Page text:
Tag Archives: two story pole barns

How Far West, A Two-Story Winery, and Truss Bracing

Today’s PGB answers questions about how far west we service, if building a two-story pole barn for a winery is possible, and lateral truss bracing.

Post Frame HomeDEAR POLE BARN GURU: I’m curious how far west you service? I’m in WA state and am having a hard time finding anyone that makes kits similar to  https://www.hansenpolebuildings.com/pole-barn-prices/ out here. At this point it’s just research. Thanks JON in WASHINGTON

DEAR JON: In the United States we service as far West as Cape Wrangell, Alaska and Ka’ena Point, Oahu, Hawaii. We have actually provided more post frame building kit packages in your state, than any other!


DEAR POLE BARN GURU: Hey guys, I’m starting a winery in eastern PA and I was wondering if you dealt with two story barns? I want my tasting room above the actual wine making room and I also want a deck off the back of the tasting room that overlooks the winery. I’m solely looking for pricing right now.


About Hansen BuildingsDEAR JEREMY: Thank you for your interest in a new Hansen Pole Building. We seemingly are designing and provide multi-story post frame building kit packages nearly every day, so yes – we deal with two story barns. We can also provide structural portions of your deck either post supported, or cantilevered depending upon your needs and budget. Unless you have developed a fairly close approximation of what your building should ultimately be like, and are planning upon beginning construction soon, all pricing is going to give you is a guesstimate. Material prices fluctuate so greatly, you could find yourself 25-30% short on funds with an extensive time delay.


DEAR POLE BARN GURU: Are the boards (2/4 or possibly even a 1/4) that lay across the bottom of the trusses there for a structure reason are they there to aide in the building phase of the pole building (gable style – no poles in the middle of the building) . KATHI in HARTLEY


DEAR KATHI: Those boards you are mentioning are typically part of a permanent lateral bracing system designed by your RDP (Registered Design Professional – architect or engineer) who is esponsible for doing a structural analysis and providing sealed plans for your building. They are essential for truss stability and improperly (or missing) design and/or installation of these braces can result in significant problems up to and including catastrophic failure.

For further reading on this subject, please see: https://www.hansenpolebuildings.com/2013/10/bottom-chord-bracing/




Two Story Pole Buildings

Are Two Stories the Solution?

Another great question from a reader, which requires a lengthy answer.

DEAR POLE BARN GURU: I was wondering if it possible two have a 2-story structure with 2 garages + some storage on the ground floor and a small office with bath and small kitchen on the 2nd floor (in the 24+ x 24+ size range)? BRETT in SUSSEX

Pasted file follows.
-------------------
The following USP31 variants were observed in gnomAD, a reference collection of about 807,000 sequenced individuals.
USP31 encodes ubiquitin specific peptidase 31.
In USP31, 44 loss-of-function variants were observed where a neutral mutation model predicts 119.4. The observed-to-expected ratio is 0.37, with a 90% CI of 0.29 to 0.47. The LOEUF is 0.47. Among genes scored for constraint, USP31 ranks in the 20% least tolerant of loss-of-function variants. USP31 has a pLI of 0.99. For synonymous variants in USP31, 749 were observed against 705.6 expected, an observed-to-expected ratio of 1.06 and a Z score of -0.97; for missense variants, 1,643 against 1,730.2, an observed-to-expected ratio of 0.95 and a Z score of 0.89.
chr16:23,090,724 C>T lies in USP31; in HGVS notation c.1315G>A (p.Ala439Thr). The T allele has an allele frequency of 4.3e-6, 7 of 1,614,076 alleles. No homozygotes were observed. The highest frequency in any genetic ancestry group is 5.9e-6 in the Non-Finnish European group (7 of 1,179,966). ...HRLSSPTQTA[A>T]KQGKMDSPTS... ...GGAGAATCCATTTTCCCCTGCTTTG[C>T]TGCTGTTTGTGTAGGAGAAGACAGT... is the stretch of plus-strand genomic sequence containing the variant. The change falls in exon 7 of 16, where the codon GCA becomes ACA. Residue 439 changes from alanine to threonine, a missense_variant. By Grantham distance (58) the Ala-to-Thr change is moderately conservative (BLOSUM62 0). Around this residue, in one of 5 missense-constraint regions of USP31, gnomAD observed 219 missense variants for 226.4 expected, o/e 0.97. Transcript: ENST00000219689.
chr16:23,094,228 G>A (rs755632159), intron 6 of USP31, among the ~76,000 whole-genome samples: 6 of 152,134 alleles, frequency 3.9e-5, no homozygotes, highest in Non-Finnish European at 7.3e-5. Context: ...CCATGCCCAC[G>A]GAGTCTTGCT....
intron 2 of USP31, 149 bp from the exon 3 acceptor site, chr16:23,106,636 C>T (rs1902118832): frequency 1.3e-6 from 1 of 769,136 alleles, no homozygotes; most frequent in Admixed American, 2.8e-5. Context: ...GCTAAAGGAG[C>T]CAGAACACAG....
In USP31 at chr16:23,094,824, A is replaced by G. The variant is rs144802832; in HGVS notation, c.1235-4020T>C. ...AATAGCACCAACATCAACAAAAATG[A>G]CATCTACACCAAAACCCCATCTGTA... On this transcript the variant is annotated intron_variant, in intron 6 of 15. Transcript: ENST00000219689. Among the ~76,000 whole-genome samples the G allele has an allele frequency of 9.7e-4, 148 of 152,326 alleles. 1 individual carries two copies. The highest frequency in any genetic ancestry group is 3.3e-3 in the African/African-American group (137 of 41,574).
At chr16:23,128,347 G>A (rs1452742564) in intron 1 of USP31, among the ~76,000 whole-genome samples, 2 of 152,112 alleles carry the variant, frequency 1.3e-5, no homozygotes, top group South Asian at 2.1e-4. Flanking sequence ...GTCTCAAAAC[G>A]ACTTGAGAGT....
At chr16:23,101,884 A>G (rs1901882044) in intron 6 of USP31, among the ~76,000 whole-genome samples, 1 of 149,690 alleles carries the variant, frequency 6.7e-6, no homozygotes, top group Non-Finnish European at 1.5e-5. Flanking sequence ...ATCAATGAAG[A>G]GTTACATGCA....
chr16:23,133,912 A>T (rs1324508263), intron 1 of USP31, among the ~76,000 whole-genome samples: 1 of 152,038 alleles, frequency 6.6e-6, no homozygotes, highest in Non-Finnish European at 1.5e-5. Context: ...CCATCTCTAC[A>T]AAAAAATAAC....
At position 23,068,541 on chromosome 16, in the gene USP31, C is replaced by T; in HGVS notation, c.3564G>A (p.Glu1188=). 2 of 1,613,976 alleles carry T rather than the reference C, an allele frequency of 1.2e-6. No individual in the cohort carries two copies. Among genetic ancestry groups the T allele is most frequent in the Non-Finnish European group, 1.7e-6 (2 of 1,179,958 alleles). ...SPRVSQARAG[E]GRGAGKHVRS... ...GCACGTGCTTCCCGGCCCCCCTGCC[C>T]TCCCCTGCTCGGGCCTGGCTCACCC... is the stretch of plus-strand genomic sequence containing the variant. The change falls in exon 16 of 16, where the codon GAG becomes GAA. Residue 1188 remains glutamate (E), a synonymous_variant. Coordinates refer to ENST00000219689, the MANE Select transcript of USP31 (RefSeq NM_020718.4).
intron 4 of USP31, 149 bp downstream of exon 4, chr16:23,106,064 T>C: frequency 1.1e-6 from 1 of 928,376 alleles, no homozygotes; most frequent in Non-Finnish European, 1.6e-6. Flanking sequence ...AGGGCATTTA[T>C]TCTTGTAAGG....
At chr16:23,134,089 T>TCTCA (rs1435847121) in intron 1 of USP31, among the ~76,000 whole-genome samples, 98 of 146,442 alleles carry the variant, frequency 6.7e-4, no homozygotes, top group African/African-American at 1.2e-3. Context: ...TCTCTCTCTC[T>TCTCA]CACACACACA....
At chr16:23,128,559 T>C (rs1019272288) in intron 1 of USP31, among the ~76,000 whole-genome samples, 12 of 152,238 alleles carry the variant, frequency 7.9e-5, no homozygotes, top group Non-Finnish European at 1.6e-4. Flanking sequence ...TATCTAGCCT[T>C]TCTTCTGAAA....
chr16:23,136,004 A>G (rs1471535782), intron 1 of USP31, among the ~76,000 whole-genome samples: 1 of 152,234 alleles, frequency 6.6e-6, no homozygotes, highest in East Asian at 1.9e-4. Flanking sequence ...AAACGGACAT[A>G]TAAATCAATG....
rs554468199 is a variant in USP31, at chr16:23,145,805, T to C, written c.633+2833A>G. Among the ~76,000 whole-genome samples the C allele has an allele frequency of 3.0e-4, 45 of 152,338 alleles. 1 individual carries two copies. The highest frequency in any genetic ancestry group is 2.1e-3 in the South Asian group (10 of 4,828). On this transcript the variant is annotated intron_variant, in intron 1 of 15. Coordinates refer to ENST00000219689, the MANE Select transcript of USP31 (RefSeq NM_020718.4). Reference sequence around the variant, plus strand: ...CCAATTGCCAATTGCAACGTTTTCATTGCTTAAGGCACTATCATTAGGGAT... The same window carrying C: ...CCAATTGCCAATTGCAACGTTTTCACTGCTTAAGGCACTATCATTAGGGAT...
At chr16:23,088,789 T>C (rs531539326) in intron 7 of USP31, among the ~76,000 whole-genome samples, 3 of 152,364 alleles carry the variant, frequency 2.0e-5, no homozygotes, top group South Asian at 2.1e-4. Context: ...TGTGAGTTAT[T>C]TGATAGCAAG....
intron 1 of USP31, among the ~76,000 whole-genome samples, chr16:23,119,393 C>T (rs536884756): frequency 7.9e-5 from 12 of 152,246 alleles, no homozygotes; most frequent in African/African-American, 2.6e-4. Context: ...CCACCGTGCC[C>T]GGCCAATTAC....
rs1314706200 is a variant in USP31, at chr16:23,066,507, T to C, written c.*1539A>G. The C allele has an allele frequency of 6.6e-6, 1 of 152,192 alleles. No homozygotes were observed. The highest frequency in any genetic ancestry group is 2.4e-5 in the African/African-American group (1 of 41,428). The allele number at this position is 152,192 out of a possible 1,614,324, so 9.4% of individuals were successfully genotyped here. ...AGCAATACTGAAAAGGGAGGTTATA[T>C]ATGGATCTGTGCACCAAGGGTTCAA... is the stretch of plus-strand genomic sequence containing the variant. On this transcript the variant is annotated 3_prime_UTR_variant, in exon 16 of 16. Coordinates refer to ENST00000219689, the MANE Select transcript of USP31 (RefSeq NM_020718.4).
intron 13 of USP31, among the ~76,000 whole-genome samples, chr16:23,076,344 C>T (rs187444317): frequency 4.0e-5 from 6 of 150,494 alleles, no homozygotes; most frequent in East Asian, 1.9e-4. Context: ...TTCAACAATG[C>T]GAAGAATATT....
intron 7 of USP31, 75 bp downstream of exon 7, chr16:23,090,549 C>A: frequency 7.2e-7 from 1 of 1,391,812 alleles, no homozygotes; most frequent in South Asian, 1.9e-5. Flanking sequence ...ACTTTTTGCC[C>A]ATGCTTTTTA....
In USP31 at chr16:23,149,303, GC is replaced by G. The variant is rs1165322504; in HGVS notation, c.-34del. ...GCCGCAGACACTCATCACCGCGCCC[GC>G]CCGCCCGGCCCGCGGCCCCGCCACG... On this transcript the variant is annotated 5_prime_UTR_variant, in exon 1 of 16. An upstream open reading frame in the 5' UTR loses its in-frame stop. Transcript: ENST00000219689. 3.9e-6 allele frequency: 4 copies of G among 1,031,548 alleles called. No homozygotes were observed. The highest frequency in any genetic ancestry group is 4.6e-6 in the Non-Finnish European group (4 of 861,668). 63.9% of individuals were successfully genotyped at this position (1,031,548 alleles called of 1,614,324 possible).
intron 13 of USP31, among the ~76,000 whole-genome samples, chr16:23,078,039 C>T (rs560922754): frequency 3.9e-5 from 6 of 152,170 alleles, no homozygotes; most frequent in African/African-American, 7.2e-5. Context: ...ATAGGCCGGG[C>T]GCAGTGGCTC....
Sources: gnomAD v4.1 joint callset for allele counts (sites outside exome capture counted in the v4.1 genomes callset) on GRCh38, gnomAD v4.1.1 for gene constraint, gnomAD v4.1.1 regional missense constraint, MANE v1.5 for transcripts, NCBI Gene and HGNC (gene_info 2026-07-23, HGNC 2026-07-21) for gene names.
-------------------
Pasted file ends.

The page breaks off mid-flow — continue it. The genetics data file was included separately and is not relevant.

DEAR BRETT: It is very possible. There will be some considerations for two story pole buildings.

First stop is to chat with your local Planning Department to insure you can place a building of this footprint, as well as height on your property. In many urban and suburban areas there are height restrictions which could very well dictate. The Planning Department will also tell you if your use of the building is allowable within the zoning for your neighborhood.

Now the practical considerations.

A 24 foot square garage is going to pretty well be used up by two vehicles. I know – as I have a 22 x 24 post frame garage and there is just really no room left for any sort of storage. Provided you have the space in your yard and the square footage is allowable by the Planning Department, you may want to consider sizes such as 24 x 30 or even 30 feet square. Remember, so much of your cost is you have even decided to put up a building. Once you have made the decision, put up the largest building you can economically afford and fit on your property.

Going to multiple stories will be more expensive than building the same amount of finished square footage on a single level. It is going to entail having to have a one-hour fire separation between the levels.

Stairs…..if they are inside, it is going to severely reduce the usable footprint of the garage/parking area. Plus, the stairwell will need to be fire separated from the garage area including the need for a fire rated entry door. Outside stairs might very well be the answer, however they are going to be exposed to the weather unless provisions are made for a roof over them.

Accessibility also might eventually come into play. Age and/or the unexpected have a way of making stairs problematic – again making the all on a single level a potentially attractive solution.

Mike the Pole Barn Guru